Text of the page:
ISSN e:2007-4034 / ISSN print: 2007-4034

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Vol. 28, issue 1 January - April 2022

ISSN: ppub: 1027-152X epub: 2007-4034

Scientific article

Effect of Cl- and Na+ ratios in nutrient solutions on tomato (Solanum lycopersicum L.) yield in a hydroponic system

http://dx.doi.org/10.5154/r.rchsh.2021.01.001

0000-0001-5163-4677 Parra-Terraza, Saúl 1 * ; 0000-0002-5824-3609 Angulo-Castro, Azareel 1 ; 0000-0003-0237-8616 Sánchez-Peña, Pedro 1 ; 0000-0002-9155-6981 Valdez-Torres, José Benigno 2 ; Rubio-Carrasco, Werner 2

  • 1Universidad Autónoma de Sinaloa, Facultad de Agronomía. Carretera Culiacán-Eldorado km 17.5, Culiacán, Sinaloa, C. P. 80000, MÉXICO.
  • 2Centro de Investigación en Alimentación y Desarrollo, A. C. Carretera a Eldorado km 5.5, Campo el Diez, Culiacán, Sinaloa, C. P. 80111, MÉXICO.

Corresponding author: saul.parra@uas.edu.mx

Received: January 01, 2021; Accepted: December 17, 2021

This is an open-access article distributed under the terms of the Creative Commons Attribution License view the permissions of this license

Abstract

Intensive tomato (Solanum lycopersicum L.) production in coastal areas of Sinaloa is exposed to significant amounts of Cl and Na deposited by sea breezes and irrigation water, which affects the yield of this vegetable. The aim of this study was to evaluate three percentage ratios of Cl-/anions (25/100, 50/100 and 75/100) and three percentage ratios of Na+/cations (25/100, 50/100 and 75/100) in the nutrient solution on mineral composition, dry matter production and yield of tomato. The experimental design was completely randomized with a 32 factorial arrangement and four replications. Analysis of variance and mean comparisons were performed (Tukey, P ≤ 0.05). Cl and Na concentrations in tomato leaves, stems and fruits increased significantly with increasing ratios of Cl-/anions and Na+/cations in the nutrient solution. The 75/100 Cl-/anions ratio reduced (P ≤ 0.05) the Ca concentration in leaves, while the 75/100 Na+/cations ratio decreased (P ≤ 0.05) K concentrations in leaves and stems. Both ratios reduced aerial dry biomass (48 and 25.8 %, respectively) and tomato yield (50.8 and 45.7 %, respectively). The results indicate that tomato plants grown with the 75/100 percentage ratio of Cl-/anions or the 75/100 percentage ratio of Na+/ cations absorb excessive amounts of Cl or Na, which causes ionic imbalance (especially of K+ and Ca2+) and affects dry matter production and yield.

Keywordsdry matter; mineral composition; osmotic potential; ionic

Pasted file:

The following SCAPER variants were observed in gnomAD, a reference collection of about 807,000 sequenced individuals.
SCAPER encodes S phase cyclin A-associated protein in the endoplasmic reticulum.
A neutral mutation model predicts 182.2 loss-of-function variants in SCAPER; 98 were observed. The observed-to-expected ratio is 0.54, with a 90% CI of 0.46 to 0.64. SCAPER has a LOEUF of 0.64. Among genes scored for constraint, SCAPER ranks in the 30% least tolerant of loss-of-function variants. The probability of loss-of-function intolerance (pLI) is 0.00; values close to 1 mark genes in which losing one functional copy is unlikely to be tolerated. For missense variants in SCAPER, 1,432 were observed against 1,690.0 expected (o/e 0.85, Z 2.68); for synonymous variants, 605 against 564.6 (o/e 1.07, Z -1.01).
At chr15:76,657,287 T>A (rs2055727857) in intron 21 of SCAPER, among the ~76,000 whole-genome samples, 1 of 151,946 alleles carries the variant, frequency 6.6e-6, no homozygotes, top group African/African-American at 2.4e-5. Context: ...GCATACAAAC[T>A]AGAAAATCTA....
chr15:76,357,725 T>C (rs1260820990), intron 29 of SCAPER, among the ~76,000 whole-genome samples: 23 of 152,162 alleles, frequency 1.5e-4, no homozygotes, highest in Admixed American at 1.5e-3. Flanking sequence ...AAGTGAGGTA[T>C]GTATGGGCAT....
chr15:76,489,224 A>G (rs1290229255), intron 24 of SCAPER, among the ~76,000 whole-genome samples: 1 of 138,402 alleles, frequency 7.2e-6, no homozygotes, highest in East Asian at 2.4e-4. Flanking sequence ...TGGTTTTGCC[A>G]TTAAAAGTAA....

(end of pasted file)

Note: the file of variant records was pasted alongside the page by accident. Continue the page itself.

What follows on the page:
Introduction

In 2018, 182.3 million t of fresh tomatoes were produced on 4.7 million ha worldwide (Organización de las Naciones Unidas para la Alimentación y la Agricultura [FAO], 2020). In the same year, Mexico produced 3.7 million t on 44,183 ha; of this production, Sinaloa contributed 29.7 % on 13,657 ha, under protected and open-field conditions (Servicio de Información Agroalimentaria y Pesquera [SIAP, 2020]).

A limitation of tomato production in open-field conditions in the Culiacán Valley, Sinaloa, is the presence of pests, such as nematodes and some species of Fusarium oxysporum; this is due, among other factors, to the lack of crop rotation. For this reason, growers in this area plant in soils near the coast, where temperatures are more favorable for crop development, since the sea is a climate regulator. However, sea breezes and rainfall deposit significant amounts of chlorine in the soil (Xu, Magen, Tarchitzky, & Kafkafi, 2000), and irrigation water may contain Cl and Na ions that affect tomato, a plant classified as salt-sensitive (glycophyte) (White & Broadley, 2001).

The Cl- anion is the main form of chlorine in soils and irrigation water. Cl- is a cofactor in oxygen formation in chloroplasts (Kawakami, Umena, Kamiya, & Shen, 2009), and is the most abundant anion in plant cells, as it is involved in the electrical charge balance of cations in cell membranes and in pH regulation (Marschner, 2012). Some researchers consider Cl beneficial when it accumulates at a macronutrient level in plant tissues, as it promotes water balance, photosynthesis, water-use efficiency, cellular osmoregulation, leaf turgor and elongation, and reduced stomatal conductance (Franco-Navarro et al., 2016; Wege, Gilliham, & Henderson, 2017; Colmenero-Flores, Franco-Navarro, Cubero-Font, Peinado-Torrubia, & Rosales, 2019; Maron, 2019). Franco-Navarro et al. (2019) point out that Cl- increases water-use efficiency in tobacco (Nicotiana tabacum L.) plants.